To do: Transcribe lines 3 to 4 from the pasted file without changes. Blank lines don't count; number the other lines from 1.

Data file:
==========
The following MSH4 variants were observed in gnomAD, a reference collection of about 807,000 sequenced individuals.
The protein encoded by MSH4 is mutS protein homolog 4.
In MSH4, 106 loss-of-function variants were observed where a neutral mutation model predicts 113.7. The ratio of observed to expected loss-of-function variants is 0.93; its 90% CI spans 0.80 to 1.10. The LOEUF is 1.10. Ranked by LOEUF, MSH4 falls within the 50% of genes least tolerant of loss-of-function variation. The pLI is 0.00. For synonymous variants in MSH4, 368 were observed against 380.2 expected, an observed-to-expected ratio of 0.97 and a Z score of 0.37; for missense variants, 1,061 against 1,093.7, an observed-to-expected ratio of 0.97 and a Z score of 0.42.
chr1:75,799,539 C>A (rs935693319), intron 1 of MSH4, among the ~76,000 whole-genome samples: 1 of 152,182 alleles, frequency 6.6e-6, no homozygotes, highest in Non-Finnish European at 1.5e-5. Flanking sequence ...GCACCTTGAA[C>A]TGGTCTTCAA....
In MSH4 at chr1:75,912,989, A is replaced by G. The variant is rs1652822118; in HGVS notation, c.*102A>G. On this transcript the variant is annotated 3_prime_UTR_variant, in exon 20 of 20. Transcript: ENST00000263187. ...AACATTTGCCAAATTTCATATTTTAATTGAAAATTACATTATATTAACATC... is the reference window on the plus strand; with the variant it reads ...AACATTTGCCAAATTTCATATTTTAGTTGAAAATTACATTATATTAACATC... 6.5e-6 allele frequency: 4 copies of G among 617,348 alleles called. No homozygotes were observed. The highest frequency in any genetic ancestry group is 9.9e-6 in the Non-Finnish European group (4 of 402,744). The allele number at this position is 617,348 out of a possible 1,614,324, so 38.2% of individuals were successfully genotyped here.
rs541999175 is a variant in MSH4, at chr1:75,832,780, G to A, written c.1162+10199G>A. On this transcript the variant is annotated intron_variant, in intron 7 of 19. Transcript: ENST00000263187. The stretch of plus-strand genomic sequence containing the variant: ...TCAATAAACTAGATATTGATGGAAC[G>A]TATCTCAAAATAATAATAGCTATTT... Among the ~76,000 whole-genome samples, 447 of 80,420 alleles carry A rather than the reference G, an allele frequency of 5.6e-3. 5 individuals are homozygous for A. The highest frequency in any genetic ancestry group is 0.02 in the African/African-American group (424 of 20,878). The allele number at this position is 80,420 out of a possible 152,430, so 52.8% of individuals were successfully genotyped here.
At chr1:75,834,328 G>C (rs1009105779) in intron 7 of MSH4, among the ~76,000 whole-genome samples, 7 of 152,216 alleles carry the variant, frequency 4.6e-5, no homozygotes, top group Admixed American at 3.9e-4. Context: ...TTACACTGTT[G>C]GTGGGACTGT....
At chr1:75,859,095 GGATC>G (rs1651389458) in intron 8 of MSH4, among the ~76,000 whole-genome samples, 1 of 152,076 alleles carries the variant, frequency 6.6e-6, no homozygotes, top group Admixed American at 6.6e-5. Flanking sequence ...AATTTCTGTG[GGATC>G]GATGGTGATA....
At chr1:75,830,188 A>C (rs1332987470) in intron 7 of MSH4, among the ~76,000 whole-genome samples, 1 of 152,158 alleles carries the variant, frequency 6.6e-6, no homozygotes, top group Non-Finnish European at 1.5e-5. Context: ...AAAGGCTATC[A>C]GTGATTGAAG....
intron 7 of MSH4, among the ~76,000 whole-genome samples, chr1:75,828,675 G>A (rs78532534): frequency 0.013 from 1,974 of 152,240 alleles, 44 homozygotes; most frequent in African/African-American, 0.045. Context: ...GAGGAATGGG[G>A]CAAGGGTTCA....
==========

In MSH4, 106 loss-of-function variants were observed where a neutral mutation model predicts 113.7. The ratio of observed to expected loss-of-function variants is 0.93; its 90% CI spans 0.80 to 1.10. The LOEUF is 1.10. Ranked by LOEUF, MSH4 falls within the 50% of genes least tolerant of loss-of-function variation. The pLI is 0.00. For synonymous variants in MSH4, 368 were observed against 380.2 expected, an observed-to-expected ratio of 0.97 and a Z score of 0.37; for missense variants, 1,061 against 1,093.7, an observed-to-expected ratio of 0.97 and a Z score of 0.42.
chr1:75,799,539 C>A (rs935693319), intron 1 of MSH4, among the ~76,000 whole-genome samples: 1 of 152,182 alleles, frequency 6.6e-6, no homozygotes, highest in Non-Finnish European at 1.5e-5. Flanking sequence ...GCACCTTGAA[C>A]TGGTCTTCAA....